© The Author(s) 2014. Published by Oxford University Press on behalf of Nucleic Acids Research.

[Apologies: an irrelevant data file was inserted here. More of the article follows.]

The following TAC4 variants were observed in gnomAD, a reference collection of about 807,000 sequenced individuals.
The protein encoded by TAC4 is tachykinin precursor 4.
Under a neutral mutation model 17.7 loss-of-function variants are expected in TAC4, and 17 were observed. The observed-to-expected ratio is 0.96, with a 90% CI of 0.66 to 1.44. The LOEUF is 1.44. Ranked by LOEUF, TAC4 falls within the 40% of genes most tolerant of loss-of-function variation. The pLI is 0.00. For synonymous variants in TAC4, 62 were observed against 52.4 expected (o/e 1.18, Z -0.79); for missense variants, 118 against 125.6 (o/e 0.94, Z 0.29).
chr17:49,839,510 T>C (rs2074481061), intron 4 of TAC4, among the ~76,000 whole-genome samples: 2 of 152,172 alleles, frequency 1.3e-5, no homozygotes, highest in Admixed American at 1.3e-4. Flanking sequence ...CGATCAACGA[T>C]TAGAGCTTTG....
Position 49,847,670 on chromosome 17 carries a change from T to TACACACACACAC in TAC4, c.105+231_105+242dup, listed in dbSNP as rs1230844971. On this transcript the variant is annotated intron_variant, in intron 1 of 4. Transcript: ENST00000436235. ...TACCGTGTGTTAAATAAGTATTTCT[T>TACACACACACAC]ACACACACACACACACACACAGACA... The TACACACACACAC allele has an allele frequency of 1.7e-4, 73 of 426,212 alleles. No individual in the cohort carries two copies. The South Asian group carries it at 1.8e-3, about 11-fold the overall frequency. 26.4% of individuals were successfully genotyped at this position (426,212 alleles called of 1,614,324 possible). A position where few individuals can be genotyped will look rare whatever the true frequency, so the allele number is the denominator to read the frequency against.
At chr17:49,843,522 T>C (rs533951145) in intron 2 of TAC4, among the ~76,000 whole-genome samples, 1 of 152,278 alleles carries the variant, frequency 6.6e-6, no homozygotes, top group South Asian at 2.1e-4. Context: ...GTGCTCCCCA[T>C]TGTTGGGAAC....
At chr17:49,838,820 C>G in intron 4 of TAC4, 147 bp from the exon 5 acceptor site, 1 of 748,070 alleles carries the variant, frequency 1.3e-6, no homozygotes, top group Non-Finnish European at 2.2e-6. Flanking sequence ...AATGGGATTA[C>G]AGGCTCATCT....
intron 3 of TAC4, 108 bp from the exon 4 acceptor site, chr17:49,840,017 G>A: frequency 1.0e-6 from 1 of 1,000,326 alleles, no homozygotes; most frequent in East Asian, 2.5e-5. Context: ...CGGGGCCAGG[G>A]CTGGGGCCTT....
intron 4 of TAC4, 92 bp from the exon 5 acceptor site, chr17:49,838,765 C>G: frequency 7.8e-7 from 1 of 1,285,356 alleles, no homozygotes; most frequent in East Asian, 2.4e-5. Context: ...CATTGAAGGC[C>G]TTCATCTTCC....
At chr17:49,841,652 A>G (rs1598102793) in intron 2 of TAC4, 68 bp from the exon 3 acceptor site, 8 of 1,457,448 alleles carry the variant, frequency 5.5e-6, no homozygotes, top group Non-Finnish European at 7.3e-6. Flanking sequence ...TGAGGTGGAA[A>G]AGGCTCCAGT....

Werner syndrome (WS), caused by loss of function of the RecQ helicase WRN, is a hereditary disease characterized by premature aging and elevated cancer incidence. WRN has DNA binding, exonuclease, ATPase, helicase and strand annealing activities, suggesting possible roles in recombination-related processes. Evidence indicates that WRN deficiency causes telomeric abnormalities that likely underlie early onset of aging phenotypes in WS. Furthermore, TRF2, a protein essential for telomere protection, interacts with WRN and influences its basic helicase and exonuclease activities. However, these studies provided little insight into WRN's specific function at telomeres. Here, we explored the possibility that WRN and TRF2 cooperate during telomeric recombination processes. Our results indicate that TRF2, through its interactions with both WRN and telomeric DNA, stimulates WRN-mediated strand exchange specifically between telomeric substrates; TRF2's basic domain is particularly important for this stimulation. Although TRF1 binds telomeric DNA with similar affinity, it has minimal effects on WRN-mediated strand exchange of telomeric DNA. Moreover, TRF2 is displaced from telomeric DNA by WRN, independent of its ATPase and helicase activities. Together, these results suggest that TRF2 and WRN act coordinately during telomeric recombination processes, consistent with certain telomeric abnormalities associated with alteration of WRN function.